Darryl Geddes 315 464-4828
SUNY Upstate makes $5 million investment in new faculty
SYRACUSE, N.Y. — SUNY Upstate Medical University will create 46 new faculty positions in a sweeping faculty initiative designed to strengthen its academic mission, increase enrollment and enhance Upstate New York’s research prowess. The initiative will also benefit the local economy as it is expected to add at least $5 million to the Central New York payroll bring millions of dollars more in research growth to the area.
“The return on this investment is going to benefit all,” said David R. Smith, M.D., president of SUNY Upstate Medical University. “It will not only bring significant enhancements to our academic mission, but it will enable us to attract and recruit top-flight researchers who will bring new intellectual capital to Central New York with the promise of greater collaborations between industry and academe.”
The recruitment for the new faculty has already begun and officials hope to have most of the positions filled by fall 2007. Areas slated for the new faculty are the basic and clinical sciences, as well as positions for the new master’s degree program in public health and for the new certified registered nurse anesthetist program, both of which are in development.
The faculty hiring initiative is being funded in part with increases in state support specifically earmarked for the university’s academic and research mission, savings from unfilled administrative positions and a $263,000 grant from New York’s Empire Innovation Program, which rewards campuses for faculty recruitment efforts.
Perhaps the greatest beneficiary of the new faculty hiring initiative will be the university’s research mission—and the upstate New York economy. Funded research support at the university now stands at more than $37 million, up 13 percent from $33.4 million in 2005. It is expected that many of these new faculty will bring with them to campus federal and privately funded research support.
“These additional faculty are essential for SUNY Upstate to continue its path of significant growth in its research enterprise,” Smith said. “The value of a strong and prominent research enterprise cannot be underestimated either for its impact on the campus and our community.”
University officials are planning on an increase of $250,000 to $450,000 in new grant funding per faculty member that could result in a $22.5 million boost to the local economy over the next several years. The increased research activity will also lead to new hiring, as faculty will recruit graduate students and other professionals in carrying out their research projects.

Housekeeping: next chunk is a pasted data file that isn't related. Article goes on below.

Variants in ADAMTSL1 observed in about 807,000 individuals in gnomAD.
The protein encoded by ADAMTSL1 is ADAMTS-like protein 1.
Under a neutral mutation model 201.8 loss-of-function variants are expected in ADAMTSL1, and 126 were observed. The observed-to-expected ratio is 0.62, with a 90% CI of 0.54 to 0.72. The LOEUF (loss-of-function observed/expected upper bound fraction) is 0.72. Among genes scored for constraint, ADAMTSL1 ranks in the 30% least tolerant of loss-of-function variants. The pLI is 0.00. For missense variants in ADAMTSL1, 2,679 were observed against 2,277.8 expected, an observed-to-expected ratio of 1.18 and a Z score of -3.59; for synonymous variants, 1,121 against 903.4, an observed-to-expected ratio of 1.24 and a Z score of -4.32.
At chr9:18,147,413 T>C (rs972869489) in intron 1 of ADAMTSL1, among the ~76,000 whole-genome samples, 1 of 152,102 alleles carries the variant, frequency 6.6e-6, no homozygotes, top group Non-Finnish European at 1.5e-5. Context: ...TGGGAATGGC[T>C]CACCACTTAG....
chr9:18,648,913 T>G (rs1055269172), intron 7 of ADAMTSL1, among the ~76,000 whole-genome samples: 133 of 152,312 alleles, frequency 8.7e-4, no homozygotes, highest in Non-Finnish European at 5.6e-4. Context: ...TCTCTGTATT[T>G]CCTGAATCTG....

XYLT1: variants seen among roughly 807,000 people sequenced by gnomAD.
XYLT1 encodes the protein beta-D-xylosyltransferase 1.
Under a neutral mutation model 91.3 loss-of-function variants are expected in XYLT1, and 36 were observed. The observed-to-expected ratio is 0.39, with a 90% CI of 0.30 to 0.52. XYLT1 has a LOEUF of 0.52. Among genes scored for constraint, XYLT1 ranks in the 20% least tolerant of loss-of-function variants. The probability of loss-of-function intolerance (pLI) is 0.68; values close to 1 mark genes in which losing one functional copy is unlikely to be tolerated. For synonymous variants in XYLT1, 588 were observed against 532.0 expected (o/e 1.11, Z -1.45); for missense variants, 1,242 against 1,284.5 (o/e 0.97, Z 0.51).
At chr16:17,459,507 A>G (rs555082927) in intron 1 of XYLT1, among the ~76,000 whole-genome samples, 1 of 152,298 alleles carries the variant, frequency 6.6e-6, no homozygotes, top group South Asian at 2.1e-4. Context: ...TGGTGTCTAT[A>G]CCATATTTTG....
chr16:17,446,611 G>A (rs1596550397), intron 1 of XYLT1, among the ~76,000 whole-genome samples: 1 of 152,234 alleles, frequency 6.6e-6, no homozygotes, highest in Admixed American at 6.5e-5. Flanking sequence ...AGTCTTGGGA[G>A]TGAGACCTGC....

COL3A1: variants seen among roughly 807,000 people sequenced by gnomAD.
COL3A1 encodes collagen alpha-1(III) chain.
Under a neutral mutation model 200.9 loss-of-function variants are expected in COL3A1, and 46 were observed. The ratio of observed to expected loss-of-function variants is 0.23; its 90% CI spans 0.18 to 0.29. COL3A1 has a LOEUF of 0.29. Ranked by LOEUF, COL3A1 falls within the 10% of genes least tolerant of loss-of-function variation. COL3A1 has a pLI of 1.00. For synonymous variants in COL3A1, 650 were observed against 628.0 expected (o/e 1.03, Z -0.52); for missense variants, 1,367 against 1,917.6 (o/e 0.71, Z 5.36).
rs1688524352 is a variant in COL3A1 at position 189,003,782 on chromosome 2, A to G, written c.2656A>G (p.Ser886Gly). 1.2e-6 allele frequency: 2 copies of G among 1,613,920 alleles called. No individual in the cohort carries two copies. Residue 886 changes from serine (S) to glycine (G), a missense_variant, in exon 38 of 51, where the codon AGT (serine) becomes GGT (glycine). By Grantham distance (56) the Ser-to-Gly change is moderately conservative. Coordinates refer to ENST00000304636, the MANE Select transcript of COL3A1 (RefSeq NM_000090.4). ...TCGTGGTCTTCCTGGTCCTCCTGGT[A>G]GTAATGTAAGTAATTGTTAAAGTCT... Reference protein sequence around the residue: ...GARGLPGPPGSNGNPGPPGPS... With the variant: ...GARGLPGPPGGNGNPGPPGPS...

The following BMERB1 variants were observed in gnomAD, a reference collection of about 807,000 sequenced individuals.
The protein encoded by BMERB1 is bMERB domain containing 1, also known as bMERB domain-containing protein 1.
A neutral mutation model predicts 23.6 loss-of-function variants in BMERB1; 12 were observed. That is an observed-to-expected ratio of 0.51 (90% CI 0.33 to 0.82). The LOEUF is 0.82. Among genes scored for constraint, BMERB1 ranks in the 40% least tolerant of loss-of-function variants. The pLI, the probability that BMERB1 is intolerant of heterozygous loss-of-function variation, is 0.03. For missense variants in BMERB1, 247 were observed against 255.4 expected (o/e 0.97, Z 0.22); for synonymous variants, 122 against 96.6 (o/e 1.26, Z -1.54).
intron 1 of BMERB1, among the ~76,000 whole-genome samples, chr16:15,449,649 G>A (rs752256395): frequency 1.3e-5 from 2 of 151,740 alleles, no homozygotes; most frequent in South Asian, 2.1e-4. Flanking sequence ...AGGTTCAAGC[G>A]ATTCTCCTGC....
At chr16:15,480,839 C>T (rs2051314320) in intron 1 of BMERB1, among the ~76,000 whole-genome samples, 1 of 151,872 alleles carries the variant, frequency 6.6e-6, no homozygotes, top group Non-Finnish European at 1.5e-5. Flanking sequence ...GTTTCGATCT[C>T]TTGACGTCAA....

Smith noted that the increase in new faculty and research programming could lead to increased synergies between the various universities and high?tech companies that call Central New York home. “We welcome the opportunity to become more engaged in research excellence with our neighbors,” he said. “Partnerships, such as these, can accelerate scientific discovery and bring a greater return on the investment from state, federal and private funding sources.”
Smith said that investments in infrastructure must keep pace with investments in human capital. He said he would continue to work with legislators to gain support for new research space at the Institute for Human Performance and upgrades to existing space in Weiskotten Hall.
Additionally, the new faculty positions are essential as the university undertakes a commitment to increase enrollment, Smith said. “The investment we are making today in faculty is also an investment in students,” he said. “More faculty mean more and varied research opportunities for students, more clinical rotation opportunities and enhanced faculty-student interactions.”
SUNY Upstate is already the area’s largest employer with a total workforce of over 6,300. Its impact on the local economy has been set at $1.2 billion, according to recent studies.
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